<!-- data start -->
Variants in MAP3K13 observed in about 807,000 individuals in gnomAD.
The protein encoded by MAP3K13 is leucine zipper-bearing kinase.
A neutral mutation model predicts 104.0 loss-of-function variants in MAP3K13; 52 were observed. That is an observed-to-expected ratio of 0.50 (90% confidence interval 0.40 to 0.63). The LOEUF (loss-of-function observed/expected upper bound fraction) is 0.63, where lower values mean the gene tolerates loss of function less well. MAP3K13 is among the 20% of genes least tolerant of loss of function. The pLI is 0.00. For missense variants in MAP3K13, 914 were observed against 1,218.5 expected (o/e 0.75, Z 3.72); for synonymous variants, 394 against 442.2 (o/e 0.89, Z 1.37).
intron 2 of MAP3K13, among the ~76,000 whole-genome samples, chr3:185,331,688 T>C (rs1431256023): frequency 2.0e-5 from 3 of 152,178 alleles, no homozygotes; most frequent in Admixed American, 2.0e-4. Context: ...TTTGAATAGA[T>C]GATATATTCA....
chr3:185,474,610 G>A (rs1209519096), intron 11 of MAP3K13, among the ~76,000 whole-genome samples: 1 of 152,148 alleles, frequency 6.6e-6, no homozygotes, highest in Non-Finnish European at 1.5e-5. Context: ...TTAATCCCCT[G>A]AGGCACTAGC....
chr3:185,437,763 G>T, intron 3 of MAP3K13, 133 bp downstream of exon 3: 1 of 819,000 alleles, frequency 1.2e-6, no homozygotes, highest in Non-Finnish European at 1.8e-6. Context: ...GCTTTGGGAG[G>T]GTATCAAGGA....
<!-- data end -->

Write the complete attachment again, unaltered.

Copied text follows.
Variants in MAP3K13 observed in about 807,000 individuals in gnomAD.
The protein encoded by MAP3K13 is leucine zipper-bearing kinase.
A neutral mutation model predicts 104.0 loss-of-function variants in MAP3K13; 52 were observed. That is an observed-to-expected ratio of 0.50 (90% confidence interval 0.40 to 0.63). The LOEUF (loss-of-function observed/expected upper bound fraction) is 0.63, where lower values mean the gene tolerates loss of function less well. MAP3K13 is among the 20% of genes least tolerant of loss of function. The pLI is 0.00. For missense variants in MAP3K13, 914 were observed against 1,218.5 expected (o/e 0.75, Z 3.72); for synonymous variants, 394 against 442.2 (o/e 0.89, Z 1.37).
intron 2 of MAP3K13, among the ~76,000 whole-genome samples, chr3:185,331,688 T>C (rs1431256023): frequency 2.0e-5 from 3 of 152,178 alleles, no homozygotes; most frequent in Admixed American, 2.0e-4. Context: ...TTTGAATAGA[T>C]GATATATTCA....
chr3:185,474,610 G>A (rs1209519096), intron 11 of MAP3K13, among the ~76,000 whole-genome samples: 1 of 152,148 alleles, frequency 6.6e-6, no homozygotes, highest in Non-Finnish European at 1.5e-5. Context: ...TTAATCCCCT[G>A]AGGCACTAGC....
chr3:185,437,763 G>T, intron 3 of MAP3K13, 133 bp downstream of exon 3: 1 of 819,000 alleles, frequency 1.2e-6, no homozygotes, highest in Non-Finnish European at 1.8e-6. Context: ...GCTTTGGGAG[G>T]GTATCAAGGA....